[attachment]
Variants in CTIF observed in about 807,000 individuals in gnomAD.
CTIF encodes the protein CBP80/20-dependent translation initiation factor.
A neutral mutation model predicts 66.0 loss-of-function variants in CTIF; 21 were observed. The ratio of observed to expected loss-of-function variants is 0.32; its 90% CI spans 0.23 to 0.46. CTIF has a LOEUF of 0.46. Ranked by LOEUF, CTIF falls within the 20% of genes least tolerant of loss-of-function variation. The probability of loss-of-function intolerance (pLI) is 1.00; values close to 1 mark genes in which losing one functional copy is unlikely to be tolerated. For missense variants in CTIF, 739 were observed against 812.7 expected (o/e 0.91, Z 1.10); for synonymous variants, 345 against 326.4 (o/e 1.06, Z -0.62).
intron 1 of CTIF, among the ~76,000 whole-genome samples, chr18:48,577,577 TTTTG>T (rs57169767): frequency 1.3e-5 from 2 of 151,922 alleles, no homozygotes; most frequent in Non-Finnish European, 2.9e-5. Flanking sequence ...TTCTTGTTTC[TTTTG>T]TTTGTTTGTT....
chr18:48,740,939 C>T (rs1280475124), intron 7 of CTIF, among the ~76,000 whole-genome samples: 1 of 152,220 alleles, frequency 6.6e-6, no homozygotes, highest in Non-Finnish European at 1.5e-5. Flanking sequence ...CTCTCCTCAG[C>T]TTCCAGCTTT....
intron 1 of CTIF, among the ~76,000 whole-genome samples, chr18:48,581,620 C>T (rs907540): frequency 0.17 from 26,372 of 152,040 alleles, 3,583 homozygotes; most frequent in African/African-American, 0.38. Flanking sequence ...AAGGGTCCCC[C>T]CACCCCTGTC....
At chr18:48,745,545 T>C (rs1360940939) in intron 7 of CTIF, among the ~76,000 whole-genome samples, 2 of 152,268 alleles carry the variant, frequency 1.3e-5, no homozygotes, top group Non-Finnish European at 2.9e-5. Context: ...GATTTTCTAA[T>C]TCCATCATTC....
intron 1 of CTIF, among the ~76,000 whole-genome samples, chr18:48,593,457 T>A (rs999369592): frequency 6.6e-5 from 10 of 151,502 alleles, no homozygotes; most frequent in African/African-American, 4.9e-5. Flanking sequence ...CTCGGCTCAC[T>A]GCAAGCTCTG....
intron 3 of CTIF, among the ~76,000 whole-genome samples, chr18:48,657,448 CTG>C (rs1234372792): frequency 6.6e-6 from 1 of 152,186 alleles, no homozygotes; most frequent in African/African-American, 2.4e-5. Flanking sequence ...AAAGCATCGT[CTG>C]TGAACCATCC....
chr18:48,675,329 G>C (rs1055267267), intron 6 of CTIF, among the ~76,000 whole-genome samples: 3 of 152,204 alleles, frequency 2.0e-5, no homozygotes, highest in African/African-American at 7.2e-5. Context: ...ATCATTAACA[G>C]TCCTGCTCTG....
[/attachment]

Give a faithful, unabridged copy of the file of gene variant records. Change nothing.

Variants in CTIF observed in about 807,000 individuals in gnomAD.
CTIF encodes the protein CBP80/20-dependent translation initiation factor.
A neutral mutation model predicts 66.0 loss-of-function variants in CTIF; 21 were observed. The ratio of observed to expected loss-of-function variants is 0.32; its 90% CI spans 0.23 to 0.46. CTIF has a LOEUF of 0.46. Ranked by LOEUF, CTIF falls within the 20% of genes least tolerant of loss-of-function variation. The probability of loss-of-function intolerance (pLI) is 1.00; values close to 1 mark genes in which losing one functional copy is unlikely to be tolerated. For missense variants in CTIF, 739 were observed against 812.7 expected (o/e 0.91, Z 1.10); for synonymous variants, 345 against 326.4 (o/e 1.06, Z -0.62).
intron 1 of CTIF, among the ~76,000 whole-genome samples, chr18:48,577,577 TTTTG>T (rs57169767): frequency 1.3e-5 from 2 of 151,922 alleles, no homozygotes; most frequent in Non-Finnish European, 2.9e-5. Flanking sequence ...TTCTTGTTTC[TTTTG>T]TTTGTTTGTT....
chr18:48,740,939 C>T (rs1280475124), intron 7 of CTIF, among the ~76,000 whole-genome samples: 1 of 152,220 alleles, frequency 6.6e-6, no homozygotes, highest in Non-Finnish European at 1.5e-5. Flanking sequence ...CTCTCCTCAG[C>T]TTCCAGCTTT....
intron 1 of CTIF, among the ~76,000 whole-genome samples, chr18:48,581,620 C>T (rs907540): frequency 0.17 from 26,372 of 152,040 alleles, 3,583 homozygotes; most frequent in African/African-American, 0.38. Flanking sequence ...AAGGGTCCCC[C>T]CACCCCTGTC....
At chr18:48,745,545 T>C (rs1360940939) in intron 7 of CTIF, among the ~76,000 whole-genome samples, 2 of 152,268 alleles carry the variant, frequency 1.3e-5, no homozygotes, top group Non-Finnish European at 2.9e-5. Context: ...GATTTTCTAA[T>C]TCCATCATTC....
intron 1 of CTIF, among the ~76,000 whole-genome samples, chr18:48,593,457 T>A (rs999369592): frequency 6.6e-5 from 10 of 151,502 alleles, no homozygotes; most frequent in African/African-American, 4.9e-5. Flanking sequence ...CTCGGCTCAC[T>A]GCAAGCTCTG....
intron 3 of CTIF, among the ~76,000 whole-genome samples, chr18:48,657,448 CTG>C (rs1234372792): frequency 6.6e-6 from 1 of 152,186 alleles, no homozygotes; most frequent in African/African-American, 2.4e-5. Flanking sequence ...AAAGCATCGT[CTG>C]TGAACCATCC....
chr18:48,675,329 G>C (rs1055267267), intron 6 of CTIF, among the ~76,000 whole-genome samples: 3 of 152,204 alleles, frequency 2.0e-5, no homozygotes, highest in African/African-American at 7.2e-5. Context: ...ATCATTAACA[G>C]TCCTGCTCTG....